In a similar way, copyright isn’t some evil monopoly held by EA and Viacom. I own the copyright for all my games. I know loads of people who work full time but write software or games for extra income, and own the copyright on them. Clearly not all copyrighted content earns people millions of dollars. Copyright royalties also provide an income for people not directly in control of it. I employ artist and sound people on contracts, and although they don’t have ownership of the IP, I can only afford to pay them because people are paying me royalties on my previous IP. Without copyright, my artist doesn’t get paid, and nor for that matter does my local baker or butcher.

Another popular argument being thrown around and repeated as though it makes sense is that “I don’t get paid for work I did years ago, so why the hell do musicians and IP owners, they are just lazy.”

I get paid for games I wrote years ago (very little now), and because that system works, I can invest time and energy in making them. I have worked for 8 months on Kudos 2 now, seven days a week, maybe 8 hours a day. You know how much I’ve earned from it?

Nothing

You know what my guaranteed future income is from it?

Nothing

I do this because I’m *hoping* I’ll sell enough copies over the next few years to make that investment worthwhile. If copyright didn’t exist I’d have spent those 8 months doing contract programming for some bank. The game would never get made as there aren’t enough hours in the day. THIS is why copyright exists, and why it’s a GOOD system.  Anyone who clings to some hippy dream that “artists will still make music and software and movies without copyright” is either delusional, or living off daddys trust fund. Copyright is essential to provide an incentive for people to invest up front costs in the production of copyable products. If you know of a better system that WORKS NOW, then feel free to make yourself mega-rich by showing us silly copyright supporters how it’s done.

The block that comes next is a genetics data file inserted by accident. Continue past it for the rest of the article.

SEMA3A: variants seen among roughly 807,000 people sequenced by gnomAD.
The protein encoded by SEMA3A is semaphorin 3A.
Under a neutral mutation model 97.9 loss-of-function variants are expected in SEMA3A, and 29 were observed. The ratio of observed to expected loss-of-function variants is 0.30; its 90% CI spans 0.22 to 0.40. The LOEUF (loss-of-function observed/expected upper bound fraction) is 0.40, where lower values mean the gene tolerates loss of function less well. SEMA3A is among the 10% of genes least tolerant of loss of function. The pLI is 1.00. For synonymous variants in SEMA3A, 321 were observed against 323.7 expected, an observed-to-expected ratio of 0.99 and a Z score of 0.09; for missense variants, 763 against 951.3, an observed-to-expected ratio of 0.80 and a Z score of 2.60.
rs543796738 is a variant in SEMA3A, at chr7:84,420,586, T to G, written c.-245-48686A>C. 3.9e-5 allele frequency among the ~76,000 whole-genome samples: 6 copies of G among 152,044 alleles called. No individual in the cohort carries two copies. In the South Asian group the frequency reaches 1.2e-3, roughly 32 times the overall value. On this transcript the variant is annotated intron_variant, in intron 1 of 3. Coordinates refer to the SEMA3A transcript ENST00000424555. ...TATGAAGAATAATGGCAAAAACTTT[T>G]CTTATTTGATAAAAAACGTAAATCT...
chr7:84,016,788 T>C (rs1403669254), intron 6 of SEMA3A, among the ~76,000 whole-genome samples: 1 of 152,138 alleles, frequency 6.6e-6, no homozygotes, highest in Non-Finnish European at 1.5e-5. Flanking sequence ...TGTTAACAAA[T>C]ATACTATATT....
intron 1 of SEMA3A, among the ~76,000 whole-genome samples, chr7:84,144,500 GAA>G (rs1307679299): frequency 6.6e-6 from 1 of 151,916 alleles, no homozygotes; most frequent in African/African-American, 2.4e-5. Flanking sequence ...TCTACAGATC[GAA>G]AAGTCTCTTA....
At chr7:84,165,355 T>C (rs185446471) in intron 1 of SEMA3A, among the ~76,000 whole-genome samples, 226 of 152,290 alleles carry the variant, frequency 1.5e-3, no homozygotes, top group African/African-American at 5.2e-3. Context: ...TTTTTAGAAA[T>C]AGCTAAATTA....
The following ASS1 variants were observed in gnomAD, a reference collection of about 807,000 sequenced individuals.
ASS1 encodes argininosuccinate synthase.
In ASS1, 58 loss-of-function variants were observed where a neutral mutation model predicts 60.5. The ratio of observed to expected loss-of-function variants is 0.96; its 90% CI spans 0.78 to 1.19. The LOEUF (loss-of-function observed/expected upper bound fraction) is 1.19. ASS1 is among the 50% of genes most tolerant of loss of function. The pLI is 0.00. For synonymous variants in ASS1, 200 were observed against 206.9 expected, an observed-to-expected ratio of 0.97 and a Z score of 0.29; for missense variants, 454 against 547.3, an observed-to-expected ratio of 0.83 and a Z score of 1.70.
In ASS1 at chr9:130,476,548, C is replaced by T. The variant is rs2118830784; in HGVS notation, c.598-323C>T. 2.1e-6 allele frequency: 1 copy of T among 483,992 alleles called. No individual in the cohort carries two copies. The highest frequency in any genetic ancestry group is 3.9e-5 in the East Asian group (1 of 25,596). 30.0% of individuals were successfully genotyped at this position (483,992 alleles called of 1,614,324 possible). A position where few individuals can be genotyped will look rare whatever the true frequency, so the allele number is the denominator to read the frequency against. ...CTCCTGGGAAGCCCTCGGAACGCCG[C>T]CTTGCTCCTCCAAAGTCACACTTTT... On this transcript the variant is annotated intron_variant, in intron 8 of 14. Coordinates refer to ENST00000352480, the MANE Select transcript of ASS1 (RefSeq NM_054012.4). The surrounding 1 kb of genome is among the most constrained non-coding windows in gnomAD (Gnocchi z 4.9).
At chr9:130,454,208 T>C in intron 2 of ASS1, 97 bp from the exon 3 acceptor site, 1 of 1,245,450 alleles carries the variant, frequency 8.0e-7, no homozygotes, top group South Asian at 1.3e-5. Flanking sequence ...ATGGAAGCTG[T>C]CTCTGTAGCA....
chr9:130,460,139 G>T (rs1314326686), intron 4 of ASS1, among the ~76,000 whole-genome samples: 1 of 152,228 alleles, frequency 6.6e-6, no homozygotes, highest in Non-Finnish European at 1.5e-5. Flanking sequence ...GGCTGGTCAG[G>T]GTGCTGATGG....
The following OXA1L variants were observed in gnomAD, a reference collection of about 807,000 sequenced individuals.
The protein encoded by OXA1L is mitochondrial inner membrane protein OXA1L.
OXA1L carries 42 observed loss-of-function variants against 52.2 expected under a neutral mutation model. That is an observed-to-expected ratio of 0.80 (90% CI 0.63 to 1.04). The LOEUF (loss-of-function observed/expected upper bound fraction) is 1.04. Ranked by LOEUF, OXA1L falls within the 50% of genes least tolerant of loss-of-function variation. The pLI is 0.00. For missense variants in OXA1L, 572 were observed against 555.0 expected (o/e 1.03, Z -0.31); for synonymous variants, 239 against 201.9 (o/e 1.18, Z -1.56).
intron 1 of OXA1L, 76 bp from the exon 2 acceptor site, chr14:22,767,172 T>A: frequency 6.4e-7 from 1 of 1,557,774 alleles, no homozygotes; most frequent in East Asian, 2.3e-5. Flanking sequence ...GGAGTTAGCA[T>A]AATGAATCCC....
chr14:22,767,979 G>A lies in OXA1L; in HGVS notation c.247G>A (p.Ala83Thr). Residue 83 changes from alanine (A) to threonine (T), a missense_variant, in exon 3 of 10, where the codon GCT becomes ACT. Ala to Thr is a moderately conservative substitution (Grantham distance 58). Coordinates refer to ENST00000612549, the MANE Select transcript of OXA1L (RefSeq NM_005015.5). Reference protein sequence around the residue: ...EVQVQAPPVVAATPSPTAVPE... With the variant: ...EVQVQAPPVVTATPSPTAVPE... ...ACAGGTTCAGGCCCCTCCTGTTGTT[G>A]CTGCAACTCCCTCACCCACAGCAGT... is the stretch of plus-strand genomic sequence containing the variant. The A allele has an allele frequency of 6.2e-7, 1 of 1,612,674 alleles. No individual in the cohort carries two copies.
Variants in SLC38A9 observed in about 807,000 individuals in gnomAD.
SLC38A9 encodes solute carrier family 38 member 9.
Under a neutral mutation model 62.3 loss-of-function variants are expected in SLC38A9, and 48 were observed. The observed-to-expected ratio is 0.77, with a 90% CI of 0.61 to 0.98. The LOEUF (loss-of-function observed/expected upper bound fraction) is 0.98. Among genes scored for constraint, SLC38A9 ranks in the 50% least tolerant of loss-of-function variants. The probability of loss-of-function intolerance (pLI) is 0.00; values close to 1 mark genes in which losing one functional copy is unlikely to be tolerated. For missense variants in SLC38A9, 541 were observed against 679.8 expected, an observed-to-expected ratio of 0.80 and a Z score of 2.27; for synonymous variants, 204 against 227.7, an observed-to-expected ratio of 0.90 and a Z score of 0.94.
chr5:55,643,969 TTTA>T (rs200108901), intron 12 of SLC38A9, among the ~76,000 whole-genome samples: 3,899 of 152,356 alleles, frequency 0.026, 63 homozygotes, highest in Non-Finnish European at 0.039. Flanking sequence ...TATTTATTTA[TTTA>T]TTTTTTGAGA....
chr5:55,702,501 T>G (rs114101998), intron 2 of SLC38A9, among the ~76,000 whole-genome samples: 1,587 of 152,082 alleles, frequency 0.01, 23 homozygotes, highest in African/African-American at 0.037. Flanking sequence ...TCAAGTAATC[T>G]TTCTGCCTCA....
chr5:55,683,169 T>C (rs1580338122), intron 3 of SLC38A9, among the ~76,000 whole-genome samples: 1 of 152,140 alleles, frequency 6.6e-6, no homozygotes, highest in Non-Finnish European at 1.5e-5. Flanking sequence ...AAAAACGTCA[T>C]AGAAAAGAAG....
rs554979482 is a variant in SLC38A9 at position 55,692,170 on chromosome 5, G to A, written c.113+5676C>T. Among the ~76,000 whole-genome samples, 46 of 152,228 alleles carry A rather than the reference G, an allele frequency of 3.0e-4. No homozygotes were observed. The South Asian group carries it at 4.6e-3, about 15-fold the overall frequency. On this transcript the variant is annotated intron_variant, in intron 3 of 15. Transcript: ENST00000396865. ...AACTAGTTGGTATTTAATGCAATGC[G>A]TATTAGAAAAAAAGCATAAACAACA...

Why google is never slow

Why is google never down, and never slow? Maybe because it’s a rich company… but the real answer I suspect is this:

Google understand that a slow website would kill their business instantly.

When your entire business is built around web pages, you better damn be sure you serve them up fast. Literally *nothing* else is this important. That means serious backup infrastructure and emergency planning. redundant systems, and a rock solid set of hardware. When I worked for datastream/ICV we had a 15 minute response time. If a client of ours had a software problem, 15 mins from picking up the phone he had it fixed. guaranteed. because we would be at his desk (from another place in the city believe it or not) within 15 mins with an entire replacement PC. We swapped out the whole thing, then diagnosed the bug in our time back at the office. To ensure this *never* went wrong, we always sent out 3 engineers in a van when we could. 1 to drive the van (no time to park), 1 to carry the replacement PC, and 1 to open doors for the guy carrying the PC. The van contained 2 complete units, in case (never happened) somehow the PC got dropped or died between leaving the office and landing on the guys desk.

Needless to say, Datastream/ICV give great support. And uptime is great. Their satellite link died for 15 minutes once. People went ballistic. I have little doubt people were sacked as a result. Of course, also needless to say, a support contract with them is expensive to say the least. we are talking megabucks.